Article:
“This morning Arabel and I, and he with us,” Miss Barrett wrote, “went in a cab to Vere Street where we had a little business, and he followed us as usual into a shop and out of it again, and was at my heels when I stepped up into the carriage. Having turned, I said ‘Flush,’ and Arabel looked round for Flush — there was no Flush! He had been caught up in that moment, from under the wheels, do you understand?” Mr. Browning understood perfectly well. Miss Barrett had forgotten the chain; therefore Flush was stolen. Such, in the year 1846, was the law of Wimpole Street and its neighbourhood.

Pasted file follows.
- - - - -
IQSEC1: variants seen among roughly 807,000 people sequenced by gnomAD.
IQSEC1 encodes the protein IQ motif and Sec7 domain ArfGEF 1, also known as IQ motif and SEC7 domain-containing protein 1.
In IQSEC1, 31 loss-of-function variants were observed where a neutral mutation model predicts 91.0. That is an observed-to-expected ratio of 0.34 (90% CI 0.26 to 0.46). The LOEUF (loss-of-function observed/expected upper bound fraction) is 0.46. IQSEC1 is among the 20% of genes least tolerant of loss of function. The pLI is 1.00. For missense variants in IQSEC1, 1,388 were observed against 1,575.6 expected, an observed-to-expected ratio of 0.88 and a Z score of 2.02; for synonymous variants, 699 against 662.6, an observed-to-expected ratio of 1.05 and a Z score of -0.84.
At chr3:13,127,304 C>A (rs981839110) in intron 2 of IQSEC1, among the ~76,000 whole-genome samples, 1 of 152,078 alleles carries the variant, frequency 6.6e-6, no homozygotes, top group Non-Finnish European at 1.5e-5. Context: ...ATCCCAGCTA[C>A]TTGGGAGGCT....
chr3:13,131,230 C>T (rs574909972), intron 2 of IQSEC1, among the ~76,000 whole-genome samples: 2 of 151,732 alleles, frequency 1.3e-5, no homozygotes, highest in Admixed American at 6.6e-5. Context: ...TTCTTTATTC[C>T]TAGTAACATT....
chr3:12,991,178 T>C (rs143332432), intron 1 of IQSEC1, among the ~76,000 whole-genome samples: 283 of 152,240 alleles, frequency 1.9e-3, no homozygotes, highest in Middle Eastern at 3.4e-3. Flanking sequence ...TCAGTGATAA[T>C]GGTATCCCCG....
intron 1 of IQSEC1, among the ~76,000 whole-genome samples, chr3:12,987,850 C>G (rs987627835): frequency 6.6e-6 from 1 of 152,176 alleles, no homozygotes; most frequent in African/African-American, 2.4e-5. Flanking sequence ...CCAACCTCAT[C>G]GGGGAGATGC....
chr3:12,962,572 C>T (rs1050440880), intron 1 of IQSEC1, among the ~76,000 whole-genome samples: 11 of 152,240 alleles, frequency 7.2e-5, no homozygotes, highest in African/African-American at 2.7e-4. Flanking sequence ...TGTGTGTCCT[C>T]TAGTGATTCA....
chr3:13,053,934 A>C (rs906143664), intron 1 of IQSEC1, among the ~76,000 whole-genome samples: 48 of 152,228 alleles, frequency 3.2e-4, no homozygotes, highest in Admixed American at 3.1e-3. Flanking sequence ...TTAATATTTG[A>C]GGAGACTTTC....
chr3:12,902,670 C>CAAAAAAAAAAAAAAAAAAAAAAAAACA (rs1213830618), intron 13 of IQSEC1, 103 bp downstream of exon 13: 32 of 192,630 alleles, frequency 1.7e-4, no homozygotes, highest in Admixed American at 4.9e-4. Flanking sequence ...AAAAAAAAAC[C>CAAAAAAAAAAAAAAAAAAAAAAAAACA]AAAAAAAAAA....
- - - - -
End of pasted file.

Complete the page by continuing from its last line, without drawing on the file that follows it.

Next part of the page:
Nothing, it is true, could exceed the apparent solidity and security of Wimpole Street itself. As far as an invalid could walk or a bath-chair could trundle nothing met the eye but an agreeable prospect of four-storeyed houses, plate-glass windows and mahogany doors. Even a carriage and pair, in the course of an afternoon’s airing, need not, if the coachman were discreet, leave the limits of decorum and respectability. But if you were not an invalid, if you did not possess a carriage and pair, if you were — and many people were — active and able-bodied and fond of walking, then you might see sights and hear language and smell smells, not a stone’s- throw from Wimpole Street, that threw doubts upon the solidity even of Wimpole Street itself. So Mr. Thomas Beames found when about this time he took it into his head to go walking about London. He was surprised; indeed he was shocked. Splendid buildings raised themselves in Westminster, yet just behind them were ruined sheds in which human beings lived herded together above herds of cows — “two in each seven feet of space.” He felt that he ought to tell people what he had seen. Yet how could one describe politely a bedroom in which two or three families lived above a cow-shed, when the cow-shed had no ventilation, when the cows were milked and killed and eaten under the bedroom? That was a task, as Mr. Beames found when he came to attempt it, that taxed all the resources of the English language. And yet he felt that he ought to describe what he had seen in the course of an afternoon’s walk through some of the most aristocratic parishes in London. The risk of typhus was so great. The rich could not know what dangers they were running. He could not altogether hold his tongue when he found what he did find in Westminster and Paddington and Marylebone. For instance, here was an old mansion formerly belonging to some great nobleman. Relics of marble mantelpieces remained. The rooms were panelled and the banisters were carved, and yet the floors were rotten, the walls dripped with filth; hordes of half-naked men and women had taken up their lodging in the old banqueting-halls. Then he walked on. Here an enterprising builder had pulled down the old family mansion. He had run up a jerry-built tenement house in its place. The rain dripped through the roof and the wind blew through the walls. He saw a child dipping a can into a bright-green stream and asked if they drank that water. Yes, and washed in it too, for the landlord only allowed water to be turned on twice a week. Such sights were the more surprising, because one might come upon them in the most sedate and civilised quarters of London —“the most aristocratic parishes have their share.” Behind Miss Barrett’s bedroom, for instance, was one of the worst slums in London. Mixed up with that respectability was this filth. But there were certain quarters, of course, which had long been given over to the poor and were left undisturbed. In Whitechapel, or in a triangular space of ground at the bottom of the Tottenham Court Road, poverty and vice and misery had bred and seethed and propagated their kind for centuries without interference. A dense mass of aged buildings in St. Giles’s was “wellnigh a penal settlement, a pauper metropolis in itself.” Aptly enough, where the poor conglomerated thus, the settlement was called a Rookery. For there human beings swarmed on top of each other as rooks swarm and blacken tree-tops. Only the buildings here were not trees; they were hardly any longer buildings. They were cells of brick intersected by lanes which ran with filth. All day the lanes buzzed with half-dressed human beings; at night there poured back again into the stream the thieves, beggars, and prostitutes who had been plying their trade in the West End. The police could do nothing. No single wayfarer could do anything except hurry through as fast as he could and perhaps drop a hint, as Mr. Beames did, with many quotations, evasions and euphemisms, that all was not quite as it should be. Cholera would come, and perhaps the hint that cholera would give would not be quite so evasive.